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The second half of the 18th century saw the expansion of the ship building trade, which led to the development of land above the bank. In 1763, the first houses were built in Dockwray Square, for the shipowners. More shipyards continued to open and gave employment to carpenters and shipwrights, and by the 19th century, Shields was a thriving community, with its own fish market. In 1832 Union Quay was built linking the Low Light with Low street, North Shields' first commercial street. 1846, saw the end of the long struggle with Newcastle with the creation of the Port of Tyne, and then in 1848, the Tyne Improvement Commission.

By the 1800s, North Shields was sending a whaling fleet of five ships to Greenland and the Davis Straits. Each vessel was equipped and provisioned for a three-year voyage. When the whalers were going to sea the whole town would turn out to cheer the sailors and listen to the shanty-man singing to the crew. The harbour at Shields was filled with vessels of many nationalities and the cosmopolitan voices of sailors speaking in Dutch, French, German, and Spanish etc., could be heard throughout the town.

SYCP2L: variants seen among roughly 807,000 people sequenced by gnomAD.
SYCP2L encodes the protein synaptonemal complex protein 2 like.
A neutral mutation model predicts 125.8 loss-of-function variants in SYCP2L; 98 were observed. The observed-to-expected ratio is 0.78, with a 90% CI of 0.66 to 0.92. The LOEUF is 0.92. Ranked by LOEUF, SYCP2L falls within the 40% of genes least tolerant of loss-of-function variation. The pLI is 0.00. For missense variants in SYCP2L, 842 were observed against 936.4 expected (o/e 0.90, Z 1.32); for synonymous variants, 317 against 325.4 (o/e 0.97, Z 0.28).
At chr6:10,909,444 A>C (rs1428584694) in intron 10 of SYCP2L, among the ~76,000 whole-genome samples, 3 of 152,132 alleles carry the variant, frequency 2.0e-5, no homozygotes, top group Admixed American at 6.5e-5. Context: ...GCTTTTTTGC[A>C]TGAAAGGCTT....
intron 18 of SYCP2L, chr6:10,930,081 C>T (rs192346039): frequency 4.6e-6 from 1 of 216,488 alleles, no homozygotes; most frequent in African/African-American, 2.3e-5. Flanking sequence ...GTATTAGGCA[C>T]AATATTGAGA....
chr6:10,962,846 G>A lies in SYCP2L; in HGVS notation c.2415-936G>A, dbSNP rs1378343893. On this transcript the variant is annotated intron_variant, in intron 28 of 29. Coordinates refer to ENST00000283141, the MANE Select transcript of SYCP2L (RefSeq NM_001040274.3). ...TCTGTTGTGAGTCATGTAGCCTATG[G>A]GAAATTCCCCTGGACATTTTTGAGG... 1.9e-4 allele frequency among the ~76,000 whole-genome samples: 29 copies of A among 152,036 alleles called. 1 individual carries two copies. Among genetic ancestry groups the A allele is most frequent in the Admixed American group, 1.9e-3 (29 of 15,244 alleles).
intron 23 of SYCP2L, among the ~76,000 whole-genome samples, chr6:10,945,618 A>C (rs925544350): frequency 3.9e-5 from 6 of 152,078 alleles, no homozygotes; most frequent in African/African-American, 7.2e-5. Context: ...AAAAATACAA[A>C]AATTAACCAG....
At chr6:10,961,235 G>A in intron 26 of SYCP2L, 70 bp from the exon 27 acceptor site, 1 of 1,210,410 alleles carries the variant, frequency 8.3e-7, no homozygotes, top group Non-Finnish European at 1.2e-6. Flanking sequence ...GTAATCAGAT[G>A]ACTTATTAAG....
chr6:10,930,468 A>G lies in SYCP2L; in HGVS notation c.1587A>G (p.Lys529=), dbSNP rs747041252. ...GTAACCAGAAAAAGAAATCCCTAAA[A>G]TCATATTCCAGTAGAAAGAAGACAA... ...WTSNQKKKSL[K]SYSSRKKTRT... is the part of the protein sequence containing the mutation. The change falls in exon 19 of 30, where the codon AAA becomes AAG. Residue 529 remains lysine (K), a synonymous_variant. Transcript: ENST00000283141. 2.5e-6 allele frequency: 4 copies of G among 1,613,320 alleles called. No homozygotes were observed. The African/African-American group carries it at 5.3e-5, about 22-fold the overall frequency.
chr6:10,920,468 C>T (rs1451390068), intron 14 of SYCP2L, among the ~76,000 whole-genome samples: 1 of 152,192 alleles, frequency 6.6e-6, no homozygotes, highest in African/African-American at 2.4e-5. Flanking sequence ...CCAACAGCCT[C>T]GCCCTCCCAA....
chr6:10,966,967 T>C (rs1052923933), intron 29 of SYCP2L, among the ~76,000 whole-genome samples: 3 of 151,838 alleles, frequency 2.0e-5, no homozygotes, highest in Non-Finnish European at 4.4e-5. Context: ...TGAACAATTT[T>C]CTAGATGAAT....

In 1870, the first wooden wharf was built along side Union Quay to provide facilities for fishing vessels. In 1877, tug-0wner, William Purdy was credited with introducing steam trawling to the Tyne. During the herring season, steam trawlers and liners were converted into drifters. Each boat could carry between forty and seventy nets. The nets were about fifty yards long and made of cotton. As many as two hundred fishing boats have been known to land their catch in one day. In 1846, John Woodger claimed to have invented kippers.

North Shields with its coal staithes and Low Light.


The herring fleet